The Bodleian Library in Oxford retains 500 boxes of doodles and other drawings by JRR Tolkien in a fireproof room.
JRR Tolkien built a universe on a scrap of paper. On yellowing pages of broadsheet newspapers, next to completed cryptic crosswords, advertisements for houses for sale and small-scale stories of human tragedy (“Boy, 7, sat on baby sister”), the author of perhaps the most influential fantasy novels ever written made swirling designs in ballpoint pen — fronds of unknown plants, teardrops of paisley and geometric patterns.
Idle doodles — except that the ones he liked most would be transferred to better paper, and identified as the decorative elements (ceramics, carpets, belt clasps) of imagined civilisations. College dinner menus, graph paper, spare exam sheets, stray envelopes: all the ephemera available to an Oxford don would eventually be colonised by maps of Middle-earth, sketches of looming fortresses and delicate Elvish devices.
These original sketches helped Tolkien write some of the most popular books of all time, including [easyazon_link identifier=”054792822X” locale=”US” tag=”wells01-20″]The Hobbit[/easyazon_link] and [easyazon_link identifier=”0618640150″ locale=”US” tag=”wells01-20″]The Lord of the Rings[/easyazon_link]. “Most modern fantasy just rearranges the furniture in Tolkien’s attic,” remarked fantasy author Terry Pratchett.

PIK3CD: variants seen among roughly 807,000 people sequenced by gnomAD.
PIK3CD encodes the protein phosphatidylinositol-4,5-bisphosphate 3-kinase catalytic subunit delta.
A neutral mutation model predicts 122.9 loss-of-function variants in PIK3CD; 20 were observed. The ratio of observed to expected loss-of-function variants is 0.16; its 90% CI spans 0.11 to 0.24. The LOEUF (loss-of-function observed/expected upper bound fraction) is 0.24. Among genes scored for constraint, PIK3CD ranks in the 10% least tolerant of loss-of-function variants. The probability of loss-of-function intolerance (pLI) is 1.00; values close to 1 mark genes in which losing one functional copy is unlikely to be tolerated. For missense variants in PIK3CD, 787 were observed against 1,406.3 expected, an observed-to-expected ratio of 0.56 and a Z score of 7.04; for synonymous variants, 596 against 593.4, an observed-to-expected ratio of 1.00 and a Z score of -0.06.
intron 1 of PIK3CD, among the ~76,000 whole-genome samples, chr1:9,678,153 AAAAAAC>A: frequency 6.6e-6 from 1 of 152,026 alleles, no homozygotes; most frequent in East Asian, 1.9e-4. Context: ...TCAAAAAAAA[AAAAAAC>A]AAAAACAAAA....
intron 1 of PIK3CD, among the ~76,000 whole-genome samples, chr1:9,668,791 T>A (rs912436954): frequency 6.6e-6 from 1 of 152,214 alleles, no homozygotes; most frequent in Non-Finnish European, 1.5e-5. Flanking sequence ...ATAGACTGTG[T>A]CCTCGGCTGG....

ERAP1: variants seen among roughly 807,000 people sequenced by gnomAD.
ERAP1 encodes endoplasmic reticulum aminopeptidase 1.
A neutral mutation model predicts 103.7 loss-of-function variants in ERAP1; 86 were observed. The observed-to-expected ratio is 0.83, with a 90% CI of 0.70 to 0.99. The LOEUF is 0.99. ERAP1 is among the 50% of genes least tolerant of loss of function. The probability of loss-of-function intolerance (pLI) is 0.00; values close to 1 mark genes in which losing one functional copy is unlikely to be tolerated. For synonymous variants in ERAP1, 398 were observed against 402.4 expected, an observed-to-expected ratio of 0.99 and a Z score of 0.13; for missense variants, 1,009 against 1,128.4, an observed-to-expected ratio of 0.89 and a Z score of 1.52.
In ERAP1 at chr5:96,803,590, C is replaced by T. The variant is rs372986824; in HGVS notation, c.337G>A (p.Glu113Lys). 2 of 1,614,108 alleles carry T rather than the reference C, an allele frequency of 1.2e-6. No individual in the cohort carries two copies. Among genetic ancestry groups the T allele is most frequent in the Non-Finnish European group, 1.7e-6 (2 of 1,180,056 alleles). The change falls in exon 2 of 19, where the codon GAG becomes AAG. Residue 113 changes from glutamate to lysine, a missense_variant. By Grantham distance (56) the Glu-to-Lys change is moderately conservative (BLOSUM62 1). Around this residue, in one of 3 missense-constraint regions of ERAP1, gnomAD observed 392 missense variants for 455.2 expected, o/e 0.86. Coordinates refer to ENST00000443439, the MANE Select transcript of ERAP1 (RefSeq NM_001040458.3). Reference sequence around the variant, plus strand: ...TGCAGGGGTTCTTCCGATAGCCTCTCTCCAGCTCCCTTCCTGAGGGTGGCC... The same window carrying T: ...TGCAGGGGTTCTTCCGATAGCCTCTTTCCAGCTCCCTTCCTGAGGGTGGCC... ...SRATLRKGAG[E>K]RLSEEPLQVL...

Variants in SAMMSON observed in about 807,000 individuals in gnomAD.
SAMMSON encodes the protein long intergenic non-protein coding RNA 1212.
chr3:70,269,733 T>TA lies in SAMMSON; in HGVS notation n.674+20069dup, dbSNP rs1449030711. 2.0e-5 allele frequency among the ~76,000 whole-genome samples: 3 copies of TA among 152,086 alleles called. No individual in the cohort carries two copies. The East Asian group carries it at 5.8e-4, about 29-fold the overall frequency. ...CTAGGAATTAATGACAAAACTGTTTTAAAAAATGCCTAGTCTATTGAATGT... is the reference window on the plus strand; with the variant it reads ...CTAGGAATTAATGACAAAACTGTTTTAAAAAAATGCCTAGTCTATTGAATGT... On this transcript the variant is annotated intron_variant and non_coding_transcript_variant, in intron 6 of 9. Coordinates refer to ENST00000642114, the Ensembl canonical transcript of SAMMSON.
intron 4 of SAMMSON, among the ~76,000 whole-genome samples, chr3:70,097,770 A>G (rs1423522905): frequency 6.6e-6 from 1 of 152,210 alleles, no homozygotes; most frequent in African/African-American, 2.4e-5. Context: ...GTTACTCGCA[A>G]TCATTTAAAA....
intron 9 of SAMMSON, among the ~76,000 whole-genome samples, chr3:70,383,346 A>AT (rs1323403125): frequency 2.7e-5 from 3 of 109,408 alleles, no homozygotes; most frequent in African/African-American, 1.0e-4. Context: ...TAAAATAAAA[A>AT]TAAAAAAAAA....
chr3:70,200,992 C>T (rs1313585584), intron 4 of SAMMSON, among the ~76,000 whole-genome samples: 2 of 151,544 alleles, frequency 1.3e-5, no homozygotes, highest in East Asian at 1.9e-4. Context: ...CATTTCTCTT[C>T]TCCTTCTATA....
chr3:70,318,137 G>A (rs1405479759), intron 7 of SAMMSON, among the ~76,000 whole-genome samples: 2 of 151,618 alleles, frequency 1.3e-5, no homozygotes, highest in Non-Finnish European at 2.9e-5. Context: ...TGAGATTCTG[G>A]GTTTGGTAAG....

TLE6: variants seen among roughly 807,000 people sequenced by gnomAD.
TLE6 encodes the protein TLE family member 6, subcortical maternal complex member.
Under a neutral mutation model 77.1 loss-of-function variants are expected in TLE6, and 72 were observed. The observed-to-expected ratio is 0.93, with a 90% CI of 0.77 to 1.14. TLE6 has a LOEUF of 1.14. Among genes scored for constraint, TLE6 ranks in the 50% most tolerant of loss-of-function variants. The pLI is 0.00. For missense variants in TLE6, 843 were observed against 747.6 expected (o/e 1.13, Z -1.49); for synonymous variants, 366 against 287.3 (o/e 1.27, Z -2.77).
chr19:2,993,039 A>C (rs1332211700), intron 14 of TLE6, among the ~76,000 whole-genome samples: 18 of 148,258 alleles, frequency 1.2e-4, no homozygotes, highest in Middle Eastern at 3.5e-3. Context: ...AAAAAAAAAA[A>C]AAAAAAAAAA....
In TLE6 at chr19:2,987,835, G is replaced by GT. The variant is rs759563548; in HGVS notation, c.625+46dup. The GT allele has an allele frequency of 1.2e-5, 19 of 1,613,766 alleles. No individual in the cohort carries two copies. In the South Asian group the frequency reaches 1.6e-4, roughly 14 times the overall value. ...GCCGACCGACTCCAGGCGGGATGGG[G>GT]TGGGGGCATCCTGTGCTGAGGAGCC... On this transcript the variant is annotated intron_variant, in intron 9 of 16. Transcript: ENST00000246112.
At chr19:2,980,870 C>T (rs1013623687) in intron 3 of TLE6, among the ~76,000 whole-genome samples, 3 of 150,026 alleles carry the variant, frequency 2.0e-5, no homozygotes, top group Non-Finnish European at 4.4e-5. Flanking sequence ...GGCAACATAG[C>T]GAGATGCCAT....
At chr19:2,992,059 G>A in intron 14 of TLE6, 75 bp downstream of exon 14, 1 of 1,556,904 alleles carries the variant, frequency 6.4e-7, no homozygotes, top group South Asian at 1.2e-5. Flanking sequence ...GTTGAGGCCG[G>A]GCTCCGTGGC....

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Tolkien never thought much about his art, much preferring to let the writing speak for itself. “Fantasy is a thing best left to words, to true literature . . . Literature works from mind to mind and is thus more progenitive. It is at once more universal and more poignantly particular.” But thankfully, he was also a hoarder and never threw anything away.